The Holy Spirit not being mentioned in several remark. able places of the New Testament, wherein it might have been expected that his name would have appeared, is a good negative argument against his personality. In the introductory addresses in the Epistles of St. Paul and others, we find grace, mercy, and peace, wished from God the Father, and the Lord Jesus Christ; but nothing wished from the Holy Spirit, and not even his name inserted. It seems to me extremely natural from this omission to conclude, that the Spirit is no person, but one of those gifts which the Father confers by Jesus Christ, and so is included under the articles of grace, mercy, and peace.
In 2 Cor. xii. 14. “St. Paul wishes the Church of Corinth, the Commu. nion or participation of the Holy Ghost: but this does not imply personality; and is a very different phrase from wish. ing a thing from the Holy Ghost. In the same manner the Apostle says, 1 Tim. vi. 21. Grace be with thee;' but this does not imply the personality of grace. St. John (Rev. i. 4.) wishes grace, and peace from the seven spi. rits which are before God's throne; but no person has a right to affirm that these seven spirits are the Holy Spirit ; nor can it be said with certainty what they are.' Again, 1 Tim. v. 21, when St. Paul charges Timothy before God, the Lord Jesus Christ and the elect Angels, there is no mention made of the Holy Spirit. And in the Heb. xii. 22, 23, 24. where all the inhabitants of Mount Sion, the city of the living Gud, are enumerated: God, Jesus the Medi. ator of the New Covenant, Angels and the spirits of just men made perfect; still we find the name of the Holy Spi. rit left out. This would be astonishing to the last degree and utterly unaccountable, if the Holy Spirit were as Trinitarians affirm, a divine person equal with God the Father. An ingenious writer who defends the personality of the Holy Spirit, as an inferior agent under God, supposes, that the Holy Spirit is here included, amongst the innumerable company of angels; and that therefore there was no occasion for distinctly mentioning him, but this reason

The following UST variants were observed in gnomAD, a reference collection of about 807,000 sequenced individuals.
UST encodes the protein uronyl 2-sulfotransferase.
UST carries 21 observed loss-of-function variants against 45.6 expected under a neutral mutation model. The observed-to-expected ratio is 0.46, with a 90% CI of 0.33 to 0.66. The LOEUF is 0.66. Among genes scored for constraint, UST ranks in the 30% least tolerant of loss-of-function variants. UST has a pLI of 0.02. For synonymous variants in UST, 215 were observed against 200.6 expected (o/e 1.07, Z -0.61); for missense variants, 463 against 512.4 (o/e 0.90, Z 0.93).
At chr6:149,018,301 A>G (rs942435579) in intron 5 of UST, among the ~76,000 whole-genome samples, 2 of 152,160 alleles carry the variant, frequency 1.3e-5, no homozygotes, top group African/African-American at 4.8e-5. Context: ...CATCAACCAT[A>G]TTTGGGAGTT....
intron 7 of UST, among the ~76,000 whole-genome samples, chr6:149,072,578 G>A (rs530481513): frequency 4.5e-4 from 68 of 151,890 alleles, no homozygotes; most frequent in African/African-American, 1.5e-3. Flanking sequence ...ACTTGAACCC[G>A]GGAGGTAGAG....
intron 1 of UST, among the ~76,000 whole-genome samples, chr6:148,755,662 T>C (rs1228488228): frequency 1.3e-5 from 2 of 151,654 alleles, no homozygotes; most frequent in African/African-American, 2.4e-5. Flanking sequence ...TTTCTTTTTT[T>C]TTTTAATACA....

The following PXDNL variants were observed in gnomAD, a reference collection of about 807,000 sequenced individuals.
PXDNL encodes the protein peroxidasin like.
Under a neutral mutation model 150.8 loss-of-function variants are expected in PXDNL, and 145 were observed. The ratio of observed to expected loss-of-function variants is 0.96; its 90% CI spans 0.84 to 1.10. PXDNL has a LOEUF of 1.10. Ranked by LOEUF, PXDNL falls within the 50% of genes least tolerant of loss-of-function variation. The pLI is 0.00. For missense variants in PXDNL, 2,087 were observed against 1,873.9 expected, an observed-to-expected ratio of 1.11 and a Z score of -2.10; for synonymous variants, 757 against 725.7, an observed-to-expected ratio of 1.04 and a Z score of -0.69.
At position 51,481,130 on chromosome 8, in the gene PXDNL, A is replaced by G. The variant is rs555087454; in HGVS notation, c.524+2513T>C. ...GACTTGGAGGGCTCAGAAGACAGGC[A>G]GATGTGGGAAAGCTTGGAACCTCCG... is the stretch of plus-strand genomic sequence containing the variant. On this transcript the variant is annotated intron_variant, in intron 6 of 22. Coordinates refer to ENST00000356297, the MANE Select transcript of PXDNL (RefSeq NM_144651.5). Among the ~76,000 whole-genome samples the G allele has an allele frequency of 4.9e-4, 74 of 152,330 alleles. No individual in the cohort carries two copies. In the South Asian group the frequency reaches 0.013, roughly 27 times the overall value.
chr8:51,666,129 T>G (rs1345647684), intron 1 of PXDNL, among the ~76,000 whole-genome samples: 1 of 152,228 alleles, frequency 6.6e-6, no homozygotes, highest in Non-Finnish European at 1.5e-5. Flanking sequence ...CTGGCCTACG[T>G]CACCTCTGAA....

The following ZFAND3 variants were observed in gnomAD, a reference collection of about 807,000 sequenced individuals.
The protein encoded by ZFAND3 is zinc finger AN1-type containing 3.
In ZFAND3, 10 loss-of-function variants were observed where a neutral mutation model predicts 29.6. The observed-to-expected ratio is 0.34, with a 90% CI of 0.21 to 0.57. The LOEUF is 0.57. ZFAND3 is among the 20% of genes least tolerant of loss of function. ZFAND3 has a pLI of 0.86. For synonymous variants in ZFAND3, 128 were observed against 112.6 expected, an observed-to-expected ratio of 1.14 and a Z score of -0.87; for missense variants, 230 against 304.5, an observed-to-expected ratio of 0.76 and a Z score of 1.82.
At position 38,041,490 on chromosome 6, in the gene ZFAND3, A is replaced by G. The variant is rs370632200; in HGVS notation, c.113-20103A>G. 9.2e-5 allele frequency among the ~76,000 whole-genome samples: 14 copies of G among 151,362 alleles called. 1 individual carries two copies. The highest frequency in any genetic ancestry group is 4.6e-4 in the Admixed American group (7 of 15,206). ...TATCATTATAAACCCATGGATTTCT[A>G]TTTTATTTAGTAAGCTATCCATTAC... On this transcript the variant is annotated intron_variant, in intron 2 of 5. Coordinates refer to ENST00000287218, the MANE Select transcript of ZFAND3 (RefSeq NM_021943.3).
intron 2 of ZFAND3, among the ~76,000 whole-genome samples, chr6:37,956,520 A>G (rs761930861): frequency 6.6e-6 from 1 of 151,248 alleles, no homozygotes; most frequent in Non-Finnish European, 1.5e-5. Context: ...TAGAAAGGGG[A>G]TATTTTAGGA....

cannot be urged by any Trinitarian. Further, when our Lord says,